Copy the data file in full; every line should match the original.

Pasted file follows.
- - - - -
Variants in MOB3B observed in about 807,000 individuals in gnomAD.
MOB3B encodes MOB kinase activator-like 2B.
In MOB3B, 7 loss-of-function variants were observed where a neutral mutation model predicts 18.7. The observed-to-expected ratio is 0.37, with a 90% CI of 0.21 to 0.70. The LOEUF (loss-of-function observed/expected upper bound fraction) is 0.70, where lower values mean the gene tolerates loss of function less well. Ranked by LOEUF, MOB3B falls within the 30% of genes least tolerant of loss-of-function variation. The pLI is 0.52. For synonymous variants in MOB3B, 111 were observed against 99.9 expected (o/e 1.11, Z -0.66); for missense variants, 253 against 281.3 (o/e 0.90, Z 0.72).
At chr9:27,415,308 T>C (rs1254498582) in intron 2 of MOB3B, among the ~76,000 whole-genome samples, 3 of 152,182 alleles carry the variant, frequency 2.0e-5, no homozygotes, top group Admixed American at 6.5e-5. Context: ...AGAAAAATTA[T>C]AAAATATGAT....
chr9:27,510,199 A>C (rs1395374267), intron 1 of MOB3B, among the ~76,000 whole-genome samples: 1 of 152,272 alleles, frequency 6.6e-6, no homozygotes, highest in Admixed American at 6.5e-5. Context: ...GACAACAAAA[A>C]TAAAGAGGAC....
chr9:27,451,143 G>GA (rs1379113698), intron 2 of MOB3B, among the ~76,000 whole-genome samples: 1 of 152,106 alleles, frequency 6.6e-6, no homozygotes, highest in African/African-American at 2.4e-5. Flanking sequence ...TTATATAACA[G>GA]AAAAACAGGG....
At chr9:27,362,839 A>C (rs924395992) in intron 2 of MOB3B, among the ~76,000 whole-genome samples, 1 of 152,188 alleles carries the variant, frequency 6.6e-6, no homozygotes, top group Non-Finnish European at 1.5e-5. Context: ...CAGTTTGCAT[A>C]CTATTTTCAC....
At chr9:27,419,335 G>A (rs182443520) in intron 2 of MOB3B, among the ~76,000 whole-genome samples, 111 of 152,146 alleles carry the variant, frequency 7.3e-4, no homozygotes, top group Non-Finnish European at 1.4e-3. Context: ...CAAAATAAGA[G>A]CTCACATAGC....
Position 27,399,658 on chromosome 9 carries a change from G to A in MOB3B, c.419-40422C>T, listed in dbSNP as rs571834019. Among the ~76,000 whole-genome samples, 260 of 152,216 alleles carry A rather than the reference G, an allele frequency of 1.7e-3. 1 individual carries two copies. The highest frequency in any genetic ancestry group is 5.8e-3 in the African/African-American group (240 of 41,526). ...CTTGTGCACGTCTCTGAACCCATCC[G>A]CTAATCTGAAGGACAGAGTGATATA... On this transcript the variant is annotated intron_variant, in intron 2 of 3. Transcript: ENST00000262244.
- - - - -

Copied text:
Variants in MOB3B observed in about 807,000 individuals in gnomAD.
MOB3B encodes MOB kinase activator-like 2B.
In MOB3B, 7 loss-of-function variants were observed where a neutral mutation model predicts 18.7. The observed-to-expected ratio is 0.37, with a 90% CI of 0.21 to 0.70. The LOEUF (loss-of-function observed/expected upper bound fraction) is 0.70, where lower values mean the gene tolerates loss of function less well. Ranked by LOEUF, MOB3B falls within the 30% of genes least tolerant of loss-of-function variation. The pLI is 0.52. For synonymous variants in MOB3B, 111 were observed against 99.9 expected (o/e 1.11, Z -0.66); for missense variants, 253 against 281.3 (o/e 0.90, Z 0.72).
At chr9:27,415,308 T>C (rs1254498582) in intron 2 of MOB3B, among the ~76,000 whole-genome samples, 3 of 152,182 alleles carry the variant, frequency 2.0e-5, no homozygotes, top group Admixed American at 6.5e-5. Context: ...AGAAAAATTA[T>C]AAAATATGAT....
chr9:27,510,199 A>C (rs1395374267), intron 1 of MOB3B, among the ~76,000 whole-genome samples: 1 of 152,272 alleles, frequency 6.6e-6, no homozygotes, highest in Admixed American at 6.5e-5. Context: ...GACAACAAAA[A>C]TAAAGAGGAC....
chr9:27,451,143 G>GA (rs1379113698), intron 2 of MOB3B, among the ~76,000 whole-genome samples: 1 of 152,106 alleles, frequency 6.6e-6, no homozygotes, highest in African/African-American at 2.4e-5. Flanking sequence ...TTATATAACA[G>GA]AAAAACAGGG....
At chr9:27,362,839 A>C (rs924395992) in intron 2 of MOB3B, among the ~76,000 whole-genome samples, 1 of 152,188 alleles carries the variant, frequency 6.6e-6, no homozygotes, top group Non-Finnish European at 1.5e-5. Context: ...CAGTTTGCAT[A>C]CTATTTTCAC....
At chr9:27,419,335 G>A (rs182443520) in intron 2 of MOB3B, among the ~76,000 whole-genome samples, 111 of 152,146 alleles carry the variant, frequency 7.3e-4, no homozygotes, top group Non-Finnish European at 1.4e-3. Context: ...CAAAATAAGA[G>A]CTCACATAGC....
Position 27,399,658 on chromosome 9 carries a change from G to A in MOB3B, c.419-40422C>T, listed in dbSNP as rs571834019. Among the ~76,000 whole-genome samples, 260 of 152,216 alleles carry A rather than the reference G, an allele frequency of 1.7e-3. 1 individual carries two copies. The highest frequency in any genetic ancestry group is 5.8e-3 in the African/African-American group (240 of 41,526). ...CTTGTGCACGTCTCTGAACCCATCC[G>A]CTAATCTGAAGGACAGAGTGATATA... On this transcript the variant is annotated intron_variant, in intron 2 of 3. Transcript: ENST00000262244.